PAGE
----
Dr Reinerio Arce

Dr Reinerio Arce

In the aftermath of an international consultation on the engagement of Christians in ministries of service, relief and development, Cuban theologian Reinerio Arce agreed to be interviewed on the continuing need for “diakonia” as an essential ministry of the ecumenical movement. Dr Arce, president of Matanzas Theological Seminary and moderator of the Presbyterian-Reformed Church in Cuba, was a participant in the Global Consultation on Prophetic Diakonia in Utrecht, the Netherlands, from 13 through 15 December 2010.

Diakonia, or the diaconal ministry of the church, has been defined as “the responsible service of the gospel by deeds and by words performed by Christians in response to the needs of people”. The 9th Assembly of the World Council of Churches in Porto Alegre, Brazil called for a series of consultations on reorganizing the coordination of service ministries sponsored by churches and church-related agencies. The Utrecht consultation was the second in a series that began in May 2009 at Bucharest, Romania.

Discussion in Utrecht commenced with consideration of a “mapping exercise” that was conducted to provide a scientific survey of churches’ world-wide involvement in service ministries. On the basis of this data, participants discussed strategies for more effective administration and networking to make the best use of available resources. Finally, plans were made to follow up the findings of the two consultations.

Dr Arce, you had the opportunity to attend both global consultations on diakonia organized by the WCC after the 2006 Porto Alegre assembly. What were your impressions?

The first consultation was organized in Bucharest, Romania in May of last year, hosted by the Romanian Patriarchate. In that meeting we re-launched the diaconal work of the WCC, reflected on our common understanding of diakonia on the basis of practical experiences at the local level and further facilitated theological reflection and common action on the diaconal work of the churches.

The meeting we just held in Utrecht was organized in coordination with the Interchurch Organization for Development Cooperation (ICCO) and Kerk in Actie of the Netherlands. We met on 13-15 December 2010. The objectives of the consultation were twofold: on the one hand, we discussed the results of a mapping survey which was implemented in 2010 among the WCC member churches; and on the other hand, we sought better ways to organize the WCC’s work in this area, designing the training strategy on prophetic diakonia, developing networks of ecumenical resource-sharing among the member churches and enabling theological reflection on diakonia.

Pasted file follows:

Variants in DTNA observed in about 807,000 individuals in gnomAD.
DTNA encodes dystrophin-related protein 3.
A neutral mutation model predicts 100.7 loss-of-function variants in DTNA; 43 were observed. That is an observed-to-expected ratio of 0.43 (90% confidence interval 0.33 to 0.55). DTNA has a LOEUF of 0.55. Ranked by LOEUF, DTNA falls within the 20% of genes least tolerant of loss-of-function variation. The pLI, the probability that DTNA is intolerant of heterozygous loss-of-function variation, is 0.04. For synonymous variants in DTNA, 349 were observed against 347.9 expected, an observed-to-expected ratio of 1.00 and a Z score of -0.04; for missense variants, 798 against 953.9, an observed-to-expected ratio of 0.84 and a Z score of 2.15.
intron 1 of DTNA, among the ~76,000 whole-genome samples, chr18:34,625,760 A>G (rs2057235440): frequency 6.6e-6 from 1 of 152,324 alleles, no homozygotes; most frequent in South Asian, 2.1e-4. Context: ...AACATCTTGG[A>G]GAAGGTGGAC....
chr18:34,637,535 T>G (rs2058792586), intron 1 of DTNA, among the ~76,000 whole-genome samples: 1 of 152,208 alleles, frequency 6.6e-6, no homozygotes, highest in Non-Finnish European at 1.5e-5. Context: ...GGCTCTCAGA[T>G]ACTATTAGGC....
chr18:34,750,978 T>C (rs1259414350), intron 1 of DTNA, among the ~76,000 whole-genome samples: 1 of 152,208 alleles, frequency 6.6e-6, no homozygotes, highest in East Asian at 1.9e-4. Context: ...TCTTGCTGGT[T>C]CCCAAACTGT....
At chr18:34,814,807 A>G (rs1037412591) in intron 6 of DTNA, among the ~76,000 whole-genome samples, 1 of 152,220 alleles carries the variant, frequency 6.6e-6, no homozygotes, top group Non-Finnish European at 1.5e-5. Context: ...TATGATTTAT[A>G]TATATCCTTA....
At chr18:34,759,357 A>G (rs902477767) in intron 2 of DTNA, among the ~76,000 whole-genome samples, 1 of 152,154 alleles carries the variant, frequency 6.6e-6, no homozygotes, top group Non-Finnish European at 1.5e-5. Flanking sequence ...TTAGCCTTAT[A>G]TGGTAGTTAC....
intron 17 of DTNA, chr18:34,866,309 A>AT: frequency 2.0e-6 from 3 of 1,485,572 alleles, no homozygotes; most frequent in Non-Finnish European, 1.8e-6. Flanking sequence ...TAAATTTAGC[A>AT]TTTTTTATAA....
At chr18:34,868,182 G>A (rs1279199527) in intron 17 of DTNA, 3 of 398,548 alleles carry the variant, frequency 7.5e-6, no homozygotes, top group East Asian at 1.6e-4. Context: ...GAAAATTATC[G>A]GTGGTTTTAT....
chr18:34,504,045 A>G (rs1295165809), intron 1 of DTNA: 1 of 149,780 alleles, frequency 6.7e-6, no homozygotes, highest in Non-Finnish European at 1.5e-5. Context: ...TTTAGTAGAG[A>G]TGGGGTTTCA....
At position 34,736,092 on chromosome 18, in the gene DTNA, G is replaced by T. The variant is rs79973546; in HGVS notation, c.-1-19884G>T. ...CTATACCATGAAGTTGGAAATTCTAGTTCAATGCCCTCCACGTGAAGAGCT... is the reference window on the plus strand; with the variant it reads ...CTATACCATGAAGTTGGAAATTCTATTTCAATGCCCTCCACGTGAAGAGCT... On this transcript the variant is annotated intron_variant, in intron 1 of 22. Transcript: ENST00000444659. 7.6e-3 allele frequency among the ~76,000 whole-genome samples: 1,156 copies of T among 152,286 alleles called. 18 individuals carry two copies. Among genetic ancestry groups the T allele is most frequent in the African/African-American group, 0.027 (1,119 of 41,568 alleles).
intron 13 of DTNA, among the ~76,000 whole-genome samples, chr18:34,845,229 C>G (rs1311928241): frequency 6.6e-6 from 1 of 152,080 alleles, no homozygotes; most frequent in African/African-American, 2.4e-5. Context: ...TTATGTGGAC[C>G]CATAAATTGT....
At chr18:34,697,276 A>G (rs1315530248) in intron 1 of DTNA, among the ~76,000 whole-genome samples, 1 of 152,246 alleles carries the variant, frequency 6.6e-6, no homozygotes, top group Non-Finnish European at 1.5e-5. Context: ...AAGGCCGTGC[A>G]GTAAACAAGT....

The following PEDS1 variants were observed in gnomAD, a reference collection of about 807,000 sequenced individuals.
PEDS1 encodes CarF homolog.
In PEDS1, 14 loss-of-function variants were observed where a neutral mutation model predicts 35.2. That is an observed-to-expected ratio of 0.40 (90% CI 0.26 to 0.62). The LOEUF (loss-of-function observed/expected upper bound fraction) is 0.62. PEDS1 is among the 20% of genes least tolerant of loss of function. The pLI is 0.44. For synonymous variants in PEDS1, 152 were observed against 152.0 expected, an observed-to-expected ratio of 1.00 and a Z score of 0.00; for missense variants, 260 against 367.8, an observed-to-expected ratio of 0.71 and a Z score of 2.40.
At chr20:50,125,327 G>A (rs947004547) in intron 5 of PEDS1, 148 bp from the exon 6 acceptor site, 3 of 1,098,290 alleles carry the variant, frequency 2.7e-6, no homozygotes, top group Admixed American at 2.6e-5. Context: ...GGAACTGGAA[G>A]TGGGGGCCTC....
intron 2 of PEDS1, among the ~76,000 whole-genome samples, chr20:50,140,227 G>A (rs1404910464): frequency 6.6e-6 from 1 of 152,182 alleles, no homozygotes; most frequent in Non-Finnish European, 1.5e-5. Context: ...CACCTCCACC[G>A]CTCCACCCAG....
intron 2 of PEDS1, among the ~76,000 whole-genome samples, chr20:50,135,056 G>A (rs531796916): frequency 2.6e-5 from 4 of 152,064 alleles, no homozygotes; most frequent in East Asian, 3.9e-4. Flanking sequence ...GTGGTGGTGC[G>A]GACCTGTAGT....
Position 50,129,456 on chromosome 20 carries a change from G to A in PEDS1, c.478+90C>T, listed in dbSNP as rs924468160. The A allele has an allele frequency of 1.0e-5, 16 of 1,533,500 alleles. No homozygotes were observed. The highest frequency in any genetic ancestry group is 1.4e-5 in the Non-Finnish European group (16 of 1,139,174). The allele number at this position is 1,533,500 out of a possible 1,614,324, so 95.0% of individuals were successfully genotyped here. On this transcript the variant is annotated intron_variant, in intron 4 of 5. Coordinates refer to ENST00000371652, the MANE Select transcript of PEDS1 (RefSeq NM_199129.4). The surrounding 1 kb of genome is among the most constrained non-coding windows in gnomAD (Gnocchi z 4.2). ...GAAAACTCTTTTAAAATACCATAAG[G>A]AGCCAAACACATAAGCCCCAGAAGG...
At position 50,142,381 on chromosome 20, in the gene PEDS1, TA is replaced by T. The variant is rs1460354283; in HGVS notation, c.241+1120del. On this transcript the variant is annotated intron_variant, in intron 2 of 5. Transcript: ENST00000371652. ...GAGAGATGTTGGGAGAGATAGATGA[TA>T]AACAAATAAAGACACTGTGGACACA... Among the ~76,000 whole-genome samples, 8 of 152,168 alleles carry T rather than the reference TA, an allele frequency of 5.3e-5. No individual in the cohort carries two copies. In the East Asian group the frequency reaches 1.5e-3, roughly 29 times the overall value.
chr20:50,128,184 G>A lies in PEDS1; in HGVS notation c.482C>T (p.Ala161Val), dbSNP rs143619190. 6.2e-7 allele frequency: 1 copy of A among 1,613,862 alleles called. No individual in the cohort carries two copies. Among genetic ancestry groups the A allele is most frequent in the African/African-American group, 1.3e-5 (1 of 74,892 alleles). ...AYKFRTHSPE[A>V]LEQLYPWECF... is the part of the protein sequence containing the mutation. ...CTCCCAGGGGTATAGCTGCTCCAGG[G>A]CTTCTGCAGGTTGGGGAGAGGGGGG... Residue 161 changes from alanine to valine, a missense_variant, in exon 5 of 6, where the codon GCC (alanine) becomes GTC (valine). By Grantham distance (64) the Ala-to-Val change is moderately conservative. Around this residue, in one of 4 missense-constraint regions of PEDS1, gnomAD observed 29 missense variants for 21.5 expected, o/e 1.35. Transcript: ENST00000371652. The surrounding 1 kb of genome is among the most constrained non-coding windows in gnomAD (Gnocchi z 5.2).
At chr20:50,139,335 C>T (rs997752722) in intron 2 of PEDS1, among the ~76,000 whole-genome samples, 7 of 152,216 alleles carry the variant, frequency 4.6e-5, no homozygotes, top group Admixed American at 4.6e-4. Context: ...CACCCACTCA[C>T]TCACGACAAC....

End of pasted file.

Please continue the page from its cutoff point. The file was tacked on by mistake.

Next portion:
I have a very positive impression of the whole process. I think that a lot has been accomplished between consultations.

How was the programme structured in this most recent consultation?

We met over a period of three days. The first day, we discussed the themes “Prophetic Diakonia in the WCC” and “Theological Reflection on Diakonia” from different perspectives. A lot of time was devoted to discussion of the results of “mapping” diakonia. On the second day, we had many presentations on “Practices and Training on Diakonia” at the global, regional and local levels. The final day, we advanced our conclusions and ideas for follow-up. The group discussions helped us to deepen our reflections from diverse points of view. The morning prayers were very inspiring.

In the presentations and discussions, we reaffirmed the notion of prophetic diakonia, by which we acknowledge that God sends us out in mission to bring the good news to the poor and oppressed, in word and in deed. Faithful to this call, we try to serve human needs, focusing on the marginalized, the “least of these”, not only by comforting them but also by addressing the root causes of their pain, sorrow and shortages. This ministry of prophetic diakonia seeks to confront the powers of this world that lead to violence, exclusion, death and destruction, and it calls for the transformation of unjust structures and practices into God’s kingdom of justice, with fullness of life for all and for creation.

What were the main outcomes of the Utrecht meeting?

We reaffirmed the three pillars of the WCC’s role as facilitator of the diaconal mission of its member churches, in collaboration with other sister organizations; namely: training, theological reflection and networking.

I am particularly interested in further promoting diakonia as part of the curriculum for theological education. At the Matanzas Theological Seminary in Cuba, we are in the process of launching a new programme on diakonia in coordination with the Martin Luther King Centre in Havana. In our country the churches are playing a more active role serving the people in need at this moment when our economy is shifting increasingly; we need to build capacity for this task. For this work, the cooperation with the Cuban Council of Churches, the Latin American Council of Churches and the World Council of Churches is critical.

Any final word?

Yes, I am grateful to God, to the WCC and to ICCO / Kerk in Actie for this experience. We look forward to continuing cooperation in the follow-up, in order to improve the quality of life among our people.

Read the article on “Diakonia” from the Dictionary of the Ecumenical Movement